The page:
Watch CBS News

Mayor Lori Lightfoot Scolds Aldermen Over 'Offensive Nature' Of Debate On Study Of Possible Contract Set-Asides For LGBTQ Businesses

by Todd Feurer, CBS Chicago web producer

CHICAGO (CBS) -- Angered over what she called "the offensive nature of the tone" of a debate over a measure to study possible contract set-asides for LGBTQ-owned businesses, an impassioned Mayor Lori Lightfoot chastised aldermen for objecting to a plan to determine whether the gay community faces obstacles in obtaining city contracts.

"I feel compelled to speak to this issue," the mayor said after several aldermen voiced concerns that setting specific contract goals for LGBTQ businesses could lead to fraud.

The mayor is ordering a one-year study that would determine whether gay- and transgender-owned firms face discrimination when it comes to bidding for city contracts, in order to decide if such businesses should receive incentives or if the city should set goals for those companies to receive a specific percentage of city contracts.

Several aldermen have expressed reservations about creating contract set-asides for the LGBT community, much as it already does for businesses owned by minorities and women. That's even though the mayor's proposal wouldn't actually create any such programs, but simply create a study to determine if the city should.

"I said I was concerned that it would take away from the minorities and the women who's already trying to get contracts, which we don't have a nice percentage of already in this city," Ald. Walter Burnett (27th) said.

Burnett also has said he is worried about the possibility of someone pretending to be gay to exploit any contract incentive programs the city might establish for the LGBTQ community.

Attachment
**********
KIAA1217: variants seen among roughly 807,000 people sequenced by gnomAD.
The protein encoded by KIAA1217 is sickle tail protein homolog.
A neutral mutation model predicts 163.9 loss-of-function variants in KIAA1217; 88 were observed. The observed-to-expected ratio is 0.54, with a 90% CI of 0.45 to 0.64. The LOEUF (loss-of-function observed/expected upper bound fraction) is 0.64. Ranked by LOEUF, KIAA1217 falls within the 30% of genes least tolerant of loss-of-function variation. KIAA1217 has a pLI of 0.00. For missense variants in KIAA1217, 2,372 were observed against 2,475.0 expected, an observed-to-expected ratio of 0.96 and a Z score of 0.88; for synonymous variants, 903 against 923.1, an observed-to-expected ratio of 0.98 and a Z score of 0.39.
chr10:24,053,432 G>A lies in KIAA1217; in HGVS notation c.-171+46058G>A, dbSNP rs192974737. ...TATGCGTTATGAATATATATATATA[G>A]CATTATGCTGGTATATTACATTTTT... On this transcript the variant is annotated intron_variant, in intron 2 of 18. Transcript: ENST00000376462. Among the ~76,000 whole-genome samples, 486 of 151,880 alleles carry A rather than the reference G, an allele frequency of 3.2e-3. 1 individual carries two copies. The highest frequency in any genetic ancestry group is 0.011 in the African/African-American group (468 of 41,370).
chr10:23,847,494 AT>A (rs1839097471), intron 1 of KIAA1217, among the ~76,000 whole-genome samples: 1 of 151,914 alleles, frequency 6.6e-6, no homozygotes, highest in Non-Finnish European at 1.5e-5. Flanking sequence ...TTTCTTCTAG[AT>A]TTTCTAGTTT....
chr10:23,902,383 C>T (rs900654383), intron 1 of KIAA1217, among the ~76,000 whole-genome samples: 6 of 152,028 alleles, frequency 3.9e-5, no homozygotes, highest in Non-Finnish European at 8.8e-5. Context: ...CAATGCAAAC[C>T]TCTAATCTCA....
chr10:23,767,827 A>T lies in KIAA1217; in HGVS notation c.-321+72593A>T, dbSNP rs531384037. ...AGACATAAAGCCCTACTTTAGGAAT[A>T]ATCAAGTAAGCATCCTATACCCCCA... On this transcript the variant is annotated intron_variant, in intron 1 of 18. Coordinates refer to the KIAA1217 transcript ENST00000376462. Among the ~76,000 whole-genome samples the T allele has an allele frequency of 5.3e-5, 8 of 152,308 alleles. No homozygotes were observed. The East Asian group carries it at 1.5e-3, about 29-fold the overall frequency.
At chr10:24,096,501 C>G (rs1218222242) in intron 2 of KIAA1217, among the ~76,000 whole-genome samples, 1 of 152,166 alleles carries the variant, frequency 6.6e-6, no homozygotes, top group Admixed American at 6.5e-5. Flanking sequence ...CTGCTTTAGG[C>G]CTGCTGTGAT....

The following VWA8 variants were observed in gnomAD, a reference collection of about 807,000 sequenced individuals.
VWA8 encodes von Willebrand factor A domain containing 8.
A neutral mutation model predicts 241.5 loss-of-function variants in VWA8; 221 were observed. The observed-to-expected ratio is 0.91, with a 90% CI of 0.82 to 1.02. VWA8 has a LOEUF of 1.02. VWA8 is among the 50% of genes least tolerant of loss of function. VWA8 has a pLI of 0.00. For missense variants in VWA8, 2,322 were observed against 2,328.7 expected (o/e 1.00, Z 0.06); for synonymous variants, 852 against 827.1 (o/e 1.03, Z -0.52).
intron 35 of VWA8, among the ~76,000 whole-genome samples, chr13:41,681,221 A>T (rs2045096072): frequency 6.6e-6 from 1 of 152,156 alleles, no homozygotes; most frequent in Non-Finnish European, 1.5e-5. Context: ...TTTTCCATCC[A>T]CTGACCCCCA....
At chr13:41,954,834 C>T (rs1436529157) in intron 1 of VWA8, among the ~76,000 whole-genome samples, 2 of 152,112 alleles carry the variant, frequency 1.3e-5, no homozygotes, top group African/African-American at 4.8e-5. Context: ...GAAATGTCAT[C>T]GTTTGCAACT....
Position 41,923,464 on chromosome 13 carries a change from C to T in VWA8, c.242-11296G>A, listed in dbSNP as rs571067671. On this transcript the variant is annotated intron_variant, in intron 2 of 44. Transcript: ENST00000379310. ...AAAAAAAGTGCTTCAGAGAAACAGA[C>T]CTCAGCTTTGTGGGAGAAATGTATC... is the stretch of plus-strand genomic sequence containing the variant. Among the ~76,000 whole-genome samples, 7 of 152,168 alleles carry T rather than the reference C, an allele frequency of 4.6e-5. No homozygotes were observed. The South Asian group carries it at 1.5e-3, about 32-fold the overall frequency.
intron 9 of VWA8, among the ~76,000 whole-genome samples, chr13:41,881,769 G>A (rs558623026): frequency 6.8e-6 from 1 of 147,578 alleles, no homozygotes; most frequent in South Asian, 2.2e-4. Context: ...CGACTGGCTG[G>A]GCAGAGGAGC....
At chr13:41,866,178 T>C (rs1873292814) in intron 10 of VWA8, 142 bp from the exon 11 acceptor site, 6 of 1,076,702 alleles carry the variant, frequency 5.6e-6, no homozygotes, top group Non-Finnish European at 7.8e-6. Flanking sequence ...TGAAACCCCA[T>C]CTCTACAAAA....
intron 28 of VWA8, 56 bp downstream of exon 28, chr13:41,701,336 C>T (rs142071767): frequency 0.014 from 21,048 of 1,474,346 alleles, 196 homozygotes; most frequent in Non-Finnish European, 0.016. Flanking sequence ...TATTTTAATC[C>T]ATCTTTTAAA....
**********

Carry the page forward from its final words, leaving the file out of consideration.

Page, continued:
"I'm concerned about opening up another window for white males to manipulate the system, and take something away from African Americans, Hispanics, and real women contractors," he said.

Some aldermen also suggested those who would chiefly benefit from any possible LGBTQ contract set-asides would be gay white men, since businesses owned by women and minorities already have established incentive programs.

Burnett said, while transgender business owners likely face discrimination, "white gay males, I don't think they're discriminated against."

Ald. David Moore (17th) said his questions about the study were not answered sufficiently when the measure was approved in committee earlier this week.

"I want to make sure that the policy is right, and right now I'm not feeling that the policy is right, because I don't want to even hurt the very people that we're trying to help," he said.

Ald. Raymond Lopez (15th), a member of the council's LGBT caucus, even raised concerns about how the city would verify whether a company seeking to be verified as an LGBT business is indeed homosexual.

"The opportunity to be manipulated is very great for something that we have no test, have no documentation, have no way to verify. We know that we can verify ethnic origin. We know we can identify and verify sex, military status, and even if we're so bold one day to put a set-aside for ex-offenders, we can verify that, too. But how do you have the gay test?"